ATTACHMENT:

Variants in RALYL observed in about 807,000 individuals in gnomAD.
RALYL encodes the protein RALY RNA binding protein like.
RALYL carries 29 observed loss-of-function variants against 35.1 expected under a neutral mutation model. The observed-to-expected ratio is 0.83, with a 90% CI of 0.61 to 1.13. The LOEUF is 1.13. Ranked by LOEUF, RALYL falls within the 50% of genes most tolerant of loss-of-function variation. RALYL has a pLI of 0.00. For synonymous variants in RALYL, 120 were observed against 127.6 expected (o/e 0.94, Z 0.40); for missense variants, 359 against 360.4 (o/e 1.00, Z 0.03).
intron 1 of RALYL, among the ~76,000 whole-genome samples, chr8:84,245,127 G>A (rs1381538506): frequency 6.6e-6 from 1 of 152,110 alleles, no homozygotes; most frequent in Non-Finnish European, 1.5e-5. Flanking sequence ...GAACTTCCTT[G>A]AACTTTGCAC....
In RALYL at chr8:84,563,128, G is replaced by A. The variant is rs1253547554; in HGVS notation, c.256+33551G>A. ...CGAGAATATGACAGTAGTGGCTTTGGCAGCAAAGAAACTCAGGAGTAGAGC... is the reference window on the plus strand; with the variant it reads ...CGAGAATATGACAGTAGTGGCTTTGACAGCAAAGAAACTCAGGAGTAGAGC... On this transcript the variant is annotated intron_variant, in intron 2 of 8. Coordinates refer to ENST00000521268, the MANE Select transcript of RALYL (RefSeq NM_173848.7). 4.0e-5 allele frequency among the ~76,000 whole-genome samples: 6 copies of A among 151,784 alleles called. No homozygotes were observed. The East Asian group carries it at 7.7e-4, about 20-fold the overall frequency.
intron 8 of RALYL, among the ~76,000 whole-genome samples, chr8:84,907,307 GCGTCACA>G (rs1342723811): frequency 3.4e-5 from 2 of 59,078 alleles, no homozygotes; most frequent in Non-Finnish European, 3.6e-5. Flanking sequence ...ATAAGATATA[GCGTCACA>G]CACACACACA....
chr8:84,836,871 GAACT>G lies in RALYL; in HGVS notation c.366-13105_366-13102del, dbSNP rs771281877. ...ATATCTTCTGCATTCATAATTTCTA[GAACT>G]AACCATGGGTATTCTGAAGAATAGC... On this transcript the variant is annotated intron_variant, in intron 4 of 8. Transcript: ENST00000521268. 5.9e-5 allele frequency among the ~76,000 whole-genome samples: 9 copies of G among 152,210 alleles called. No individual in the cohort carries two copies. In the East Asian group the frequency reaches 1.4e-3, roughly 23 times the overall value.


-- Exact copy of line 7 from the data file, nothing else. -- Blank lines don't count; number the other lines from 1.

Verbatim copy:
chr8:84,836,871 GAACT>G lies in RALYL; in HGVS notation c.366-13105_366-13102del, dbSNP rs771281877. ...ATATCTTCTGCATTCATAATTTCTA[GAACT>G]AACCATGGGTATTCTGAAGAATAGC... On this transcript the variant is annotated intron_variant, in intron 4 of 8. Transcript: ENST00000521268. 5.9e-5 allele frequency among the ~76,000 whole-genome samples: 9 copies of G among 152,210 alleles called. No individual in the cohort carries two copies. In the East Asian group the frequency reaches 1.4e-3, roughly 23 times the overall value.